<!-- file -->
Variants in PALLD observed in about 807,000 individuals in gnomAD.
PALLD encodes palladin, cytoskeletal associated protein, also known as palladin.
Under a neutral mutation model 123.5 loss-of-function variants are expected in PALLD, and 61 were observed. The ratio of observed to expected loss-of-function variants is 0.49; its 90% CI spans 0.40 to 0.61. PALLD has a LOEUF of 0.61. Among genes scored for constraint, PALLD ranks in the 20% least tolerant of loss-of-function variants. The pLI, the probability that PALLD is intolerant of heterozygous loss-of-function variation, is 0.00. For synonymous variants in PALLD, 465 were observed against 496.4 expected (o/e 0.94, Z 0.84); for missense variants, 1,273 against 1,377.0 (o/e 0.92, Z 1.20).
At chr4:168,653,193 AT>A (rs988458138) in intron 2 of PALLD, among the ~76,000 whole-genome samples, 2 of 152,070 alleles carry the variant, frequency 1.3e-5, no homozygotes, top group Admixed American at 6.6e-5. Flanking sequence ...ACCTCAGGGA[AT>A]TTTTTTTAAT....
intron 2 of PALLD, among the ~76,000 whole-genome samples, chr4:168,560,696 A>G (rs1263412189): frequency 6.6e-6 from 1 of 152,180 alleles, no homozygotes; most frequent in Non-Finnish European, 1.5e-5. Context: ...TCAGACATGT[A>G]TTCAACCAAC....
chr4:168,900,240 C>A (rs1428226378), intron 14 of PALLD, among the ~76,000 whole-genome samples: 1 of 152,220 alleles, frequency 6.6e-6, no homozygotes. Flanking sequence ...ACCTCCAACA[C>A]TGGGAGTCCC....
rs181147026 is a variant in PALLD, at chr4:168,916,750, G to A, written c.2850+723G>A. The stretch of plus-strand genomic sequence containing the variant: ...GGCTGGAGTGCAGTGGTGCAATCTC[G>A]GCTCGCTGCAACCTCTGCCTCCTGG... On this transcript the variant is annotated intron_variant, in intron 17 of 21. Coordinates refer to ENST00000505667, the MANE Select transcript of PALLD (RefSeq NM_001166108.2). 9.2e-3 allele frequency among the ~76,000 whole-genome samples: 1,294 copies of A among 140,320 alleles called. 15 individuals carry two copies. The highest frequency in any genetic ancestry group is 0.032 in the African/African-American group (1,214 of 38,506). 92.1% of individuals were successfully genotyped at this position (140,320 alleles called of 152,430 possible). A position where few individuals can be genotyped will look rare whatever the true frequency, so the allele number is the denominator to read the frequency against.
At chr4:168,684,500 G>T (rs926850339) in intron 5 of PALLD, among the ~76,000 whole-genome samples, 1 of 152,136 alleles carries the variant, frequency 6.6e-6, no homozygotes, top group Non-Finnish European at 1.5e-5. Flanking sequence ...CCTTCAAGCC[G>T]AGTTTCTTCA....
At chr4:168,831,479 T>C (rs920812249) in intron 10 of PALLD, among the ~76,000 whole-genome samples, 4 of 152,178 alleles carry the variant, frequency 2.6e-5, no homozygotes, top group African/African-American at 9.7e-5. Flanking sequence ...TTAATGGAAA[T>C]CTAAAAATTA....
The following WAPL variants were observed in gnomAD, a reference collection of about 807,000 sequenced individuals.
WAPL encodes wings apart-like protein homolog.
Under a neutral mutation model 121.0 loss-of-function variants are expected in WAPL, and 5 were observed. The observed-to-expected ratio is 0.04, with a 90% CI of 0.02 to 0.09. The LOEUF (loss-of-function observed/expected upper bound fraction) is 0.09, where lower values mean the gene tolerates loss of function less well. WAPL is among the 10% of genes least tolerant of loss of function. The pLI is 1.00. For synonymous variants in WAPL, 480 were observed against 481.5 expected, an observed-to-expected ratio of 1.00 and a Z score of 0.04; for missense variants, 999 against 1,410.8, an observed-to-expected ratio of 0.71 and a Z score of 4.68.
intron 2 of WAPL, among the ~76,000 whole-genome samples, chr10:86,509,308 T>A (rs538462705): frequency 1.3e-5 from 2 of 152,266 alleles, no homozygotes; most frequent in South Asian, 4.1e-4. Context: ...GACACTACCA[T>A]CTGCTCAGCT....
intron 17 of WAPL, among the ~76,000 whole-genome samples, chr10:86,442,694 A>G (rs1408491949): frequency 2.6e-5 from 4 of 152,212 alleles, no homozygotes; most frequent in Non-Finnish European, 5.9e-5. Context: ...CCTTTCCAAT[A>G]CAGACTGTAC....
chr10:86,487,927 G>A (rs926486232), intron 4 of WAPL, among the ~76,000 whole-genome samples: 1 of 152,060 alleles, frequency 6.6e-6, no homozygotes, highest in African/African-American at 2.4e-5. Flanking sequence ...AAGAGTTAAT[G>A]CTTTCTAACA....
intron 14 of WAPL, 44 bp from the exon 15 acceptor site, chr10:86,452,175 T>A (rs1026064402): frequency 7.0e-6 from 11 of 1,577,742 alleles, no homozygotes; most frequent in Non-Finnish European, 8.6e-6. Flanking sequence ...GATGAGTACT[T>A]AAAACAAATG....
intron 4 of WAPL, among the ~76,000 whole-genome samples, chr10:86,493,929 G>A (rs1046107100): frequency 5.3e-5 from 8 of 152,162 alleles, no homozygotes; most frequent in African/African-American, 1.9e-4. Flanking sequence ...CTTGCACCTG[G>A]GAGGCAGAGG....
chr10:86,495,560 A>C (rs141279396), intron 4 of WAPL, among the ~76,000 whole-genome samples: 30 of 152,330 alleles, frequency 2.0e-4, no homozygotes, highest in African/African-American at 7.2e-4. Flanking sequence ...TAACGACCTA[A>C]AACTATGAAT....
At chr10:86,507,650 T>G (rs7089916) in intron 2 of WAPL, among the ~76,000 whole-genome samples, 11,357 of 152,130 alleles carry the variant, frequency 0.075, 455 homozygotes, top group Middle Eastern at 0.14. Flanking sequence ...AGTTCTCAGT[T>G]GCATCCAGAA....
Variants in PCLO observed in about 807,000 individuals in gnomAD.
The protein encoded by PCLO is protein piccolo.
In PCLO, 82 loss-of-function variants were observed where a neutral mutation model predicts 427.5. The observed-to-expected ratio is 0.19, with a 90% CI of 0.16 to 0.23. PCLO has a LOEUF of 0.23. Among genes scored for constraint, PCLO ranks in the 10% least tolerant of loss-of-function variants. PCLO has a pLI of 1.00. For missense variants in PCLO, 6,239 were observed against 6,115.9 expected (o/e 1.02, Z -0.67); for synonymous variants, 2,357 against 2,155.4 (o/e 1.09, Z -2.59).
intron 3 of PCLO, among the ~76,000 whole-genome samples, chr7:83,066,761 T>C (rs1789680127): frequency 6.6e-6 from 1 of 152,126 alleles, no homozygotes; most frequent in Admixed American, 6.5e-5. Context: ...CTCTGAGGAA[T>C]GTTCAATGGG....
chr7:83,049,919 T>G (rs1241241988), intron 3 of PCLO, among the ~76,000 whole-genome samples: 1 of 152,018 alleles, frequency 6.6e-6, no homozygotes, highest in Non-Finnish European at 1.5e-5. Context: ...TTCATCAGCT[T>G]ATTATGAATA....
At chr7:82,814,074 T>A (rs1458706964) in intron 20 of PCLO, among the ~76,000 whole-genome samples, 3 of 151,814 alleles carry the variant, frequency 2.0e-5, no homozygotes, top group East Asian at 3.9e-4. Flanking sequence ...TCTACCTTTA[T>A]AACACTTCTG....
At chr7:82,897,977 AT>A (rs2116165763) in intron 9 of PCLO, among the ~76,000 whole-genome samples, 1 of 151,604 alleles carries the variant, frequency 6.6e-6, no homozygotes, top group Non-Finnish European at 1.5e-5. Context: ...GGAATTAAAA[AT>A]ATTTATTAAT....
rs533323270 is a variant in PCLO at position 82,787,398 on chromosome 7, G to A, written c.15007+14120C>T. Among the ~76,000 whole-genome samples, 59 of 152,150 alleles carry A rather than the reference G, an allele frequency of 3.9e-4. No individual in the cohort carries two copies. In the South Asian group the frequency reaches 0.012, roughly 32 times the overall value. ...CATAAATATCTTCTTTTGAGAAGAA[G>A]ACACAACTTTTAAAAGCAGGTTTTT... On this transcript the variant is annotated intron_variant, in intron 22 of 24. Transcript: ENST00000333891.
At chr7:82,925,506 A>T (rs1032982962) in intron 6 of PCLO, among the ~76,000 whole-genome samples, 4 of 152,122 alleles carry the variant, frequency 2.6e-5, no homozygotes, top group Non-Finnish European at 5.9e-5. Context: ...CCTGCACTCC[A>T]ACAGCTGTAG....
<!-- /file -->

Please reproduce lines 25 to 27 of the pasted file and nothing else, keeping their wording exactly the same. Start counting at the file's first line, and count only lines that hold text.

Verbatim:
At chr7:82,814,074 T>A (rs1458706964) in intron 20 of PCLO, among the ~76,000 whole-genome samples, 3 of 151,814 alleles carry the variant, frequency 2.0e-5, no homozygotes, top group East Asian at 3.9e-4. Flanking sequence ...TCTACCTTTA[T>A]AACACTTCTG....
At chr7:82,897,977 AT>A (rs2116165763) in intron 9 of PCLO, among the ~76,000 whole-genome samples, 1 of 151,604 alleles carries the variant, frequency 6.6e-6, no homozygotes, top group Non-Finnish European at 1.5e-5. Context: ...GGAATTAAAA[AT>A]ATTTATTAAT....
rs533323270 is a variant in PCLO at position 82,787,398 on chromosome 7, G to A, written c.15007+14120C>T. Among the ~76,000 whole-genome samples, 59 of 152,150 alleles carry A rather than the reference G, an allele frequency of 3.9e-4. No individual in the cohort carries two copies. In the South Asian group the frequency reaches 0.012, roughly 32 times the overall value. ...CATAAATATCTTCTTTTGAGAAGAA[G>A]ACACAACTTTTAAAAGCAGGTTTTT... On this transcript the variant is annotated intron_variant, in intron 22 of 24. Transcript: ENST00000333891.